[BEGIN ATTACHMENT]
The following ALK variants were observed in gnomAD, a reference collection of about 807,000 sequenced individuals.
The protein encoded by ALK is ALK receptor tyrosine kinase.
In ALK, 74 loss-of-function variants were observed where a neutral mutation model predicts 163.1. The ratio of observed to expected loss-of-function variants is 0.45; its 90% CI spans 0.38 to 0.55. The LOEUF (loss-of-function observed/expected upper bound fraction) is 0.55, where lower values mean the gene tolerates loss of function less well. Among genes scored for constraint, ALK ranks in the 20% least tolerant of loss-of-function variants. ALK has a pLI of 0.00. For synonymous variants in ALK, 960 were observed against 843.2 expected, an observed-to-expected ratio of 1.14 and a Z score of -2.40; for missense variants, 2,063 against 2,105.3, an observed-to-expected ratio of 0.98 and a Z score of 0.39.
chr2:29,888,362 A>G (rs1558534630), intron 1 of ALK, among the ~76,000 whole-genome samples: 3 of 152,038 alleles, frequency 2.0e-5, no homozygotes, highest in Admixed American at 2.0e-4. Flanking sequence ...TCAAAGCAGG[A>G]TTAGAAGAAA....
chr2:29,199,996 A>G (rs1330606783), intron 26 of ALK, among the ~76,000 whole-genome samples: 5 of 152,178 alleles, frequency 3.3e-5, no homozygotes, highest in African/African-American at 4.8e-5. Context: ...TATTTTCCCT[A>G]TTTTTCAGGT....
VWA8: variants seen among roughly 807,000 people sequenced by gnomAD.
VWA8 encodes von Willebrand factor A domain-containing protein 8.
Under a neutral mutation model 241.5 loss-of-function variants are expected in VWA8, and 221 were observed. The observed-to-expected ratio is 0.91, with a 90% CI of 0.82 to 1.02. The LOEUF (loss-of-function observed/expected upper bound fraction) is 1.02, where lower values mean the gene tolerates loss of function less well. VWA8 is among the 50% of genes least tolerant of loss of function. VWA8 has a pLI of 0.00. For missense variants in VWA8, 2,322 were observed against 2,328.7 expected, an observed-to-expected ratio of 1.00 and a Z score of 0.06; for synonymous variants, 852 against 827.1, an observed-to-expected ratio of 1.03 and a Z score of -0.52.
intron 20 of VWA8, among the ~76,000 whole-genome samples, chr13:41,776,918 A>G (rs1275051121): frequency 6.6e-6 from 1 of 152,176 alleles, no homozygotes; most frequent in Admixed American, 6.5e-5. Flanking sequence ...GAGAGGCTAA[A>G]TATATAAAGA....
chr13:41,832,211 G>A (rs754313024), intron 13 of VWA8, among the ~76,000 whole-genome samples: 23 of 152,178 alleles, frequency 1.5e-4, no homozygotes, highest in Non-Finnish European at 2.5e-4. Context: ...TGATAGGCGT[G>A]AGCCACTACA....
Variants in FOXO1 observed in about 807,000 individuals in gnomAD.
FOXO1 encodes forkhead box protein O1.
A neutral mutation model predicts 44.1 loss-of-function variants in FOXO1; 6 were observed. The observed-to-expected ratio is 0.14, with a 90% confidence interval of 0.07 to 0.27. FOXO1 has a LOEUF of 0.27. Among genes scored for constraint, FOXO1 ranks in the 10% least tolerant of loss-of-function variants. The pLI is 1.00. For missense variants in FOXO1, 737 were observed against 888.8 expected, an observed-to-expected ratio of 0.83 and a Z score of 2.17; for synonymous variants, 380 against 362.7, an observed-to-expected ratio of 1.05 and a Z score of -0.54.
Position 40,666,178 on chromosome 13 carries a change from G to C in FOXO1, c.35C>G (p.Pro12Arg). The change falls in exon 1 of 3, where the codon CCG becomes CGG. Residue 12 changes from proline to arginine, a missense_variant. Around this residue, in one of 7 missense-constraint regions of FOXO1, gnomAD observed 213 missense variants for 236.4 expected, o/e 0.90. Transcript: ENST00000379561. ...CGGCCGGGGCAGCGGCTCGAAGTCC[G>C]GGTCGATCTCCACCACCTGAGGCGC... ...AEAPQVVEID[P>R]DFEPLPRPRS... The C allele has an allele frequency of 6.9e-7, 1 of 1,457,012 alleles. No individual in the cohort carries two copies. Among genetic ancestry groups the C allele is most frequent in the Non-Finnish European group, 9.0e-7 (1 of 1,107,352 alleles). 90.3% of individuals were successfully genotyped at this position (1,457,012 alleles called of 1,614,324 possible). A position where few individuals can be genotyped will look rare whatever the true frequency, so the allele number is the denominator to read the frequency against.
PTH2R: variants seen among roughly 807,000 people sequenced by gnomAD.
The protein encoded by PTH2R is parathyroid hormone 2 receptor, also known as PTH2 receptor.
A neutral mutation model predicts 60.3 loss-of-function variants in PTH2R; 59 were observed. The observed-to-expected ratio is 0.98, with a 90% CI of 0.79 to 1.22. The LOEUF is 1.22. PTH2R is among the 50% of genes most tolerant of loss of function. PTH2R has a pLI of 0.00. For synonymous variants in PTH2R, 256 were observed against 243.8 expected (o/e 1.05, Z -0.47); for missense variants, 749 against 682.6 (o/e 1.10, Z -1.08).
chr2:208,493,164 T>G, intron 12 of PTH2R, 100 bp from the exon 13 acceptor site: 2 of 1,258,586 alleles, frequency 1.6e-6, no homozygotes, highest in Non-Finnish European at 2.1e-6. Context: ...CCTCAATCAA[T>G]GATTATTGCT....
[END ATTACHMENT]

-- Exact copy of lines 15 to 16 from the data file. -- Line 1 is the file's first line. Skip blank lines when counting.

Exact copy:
PTH2R: variants seen among roughly 807,000 people sequenced by gnomAD.
The protein encoded by PTH2R is parathyroid hormone 2 receptor, also known as PTH2 receptor.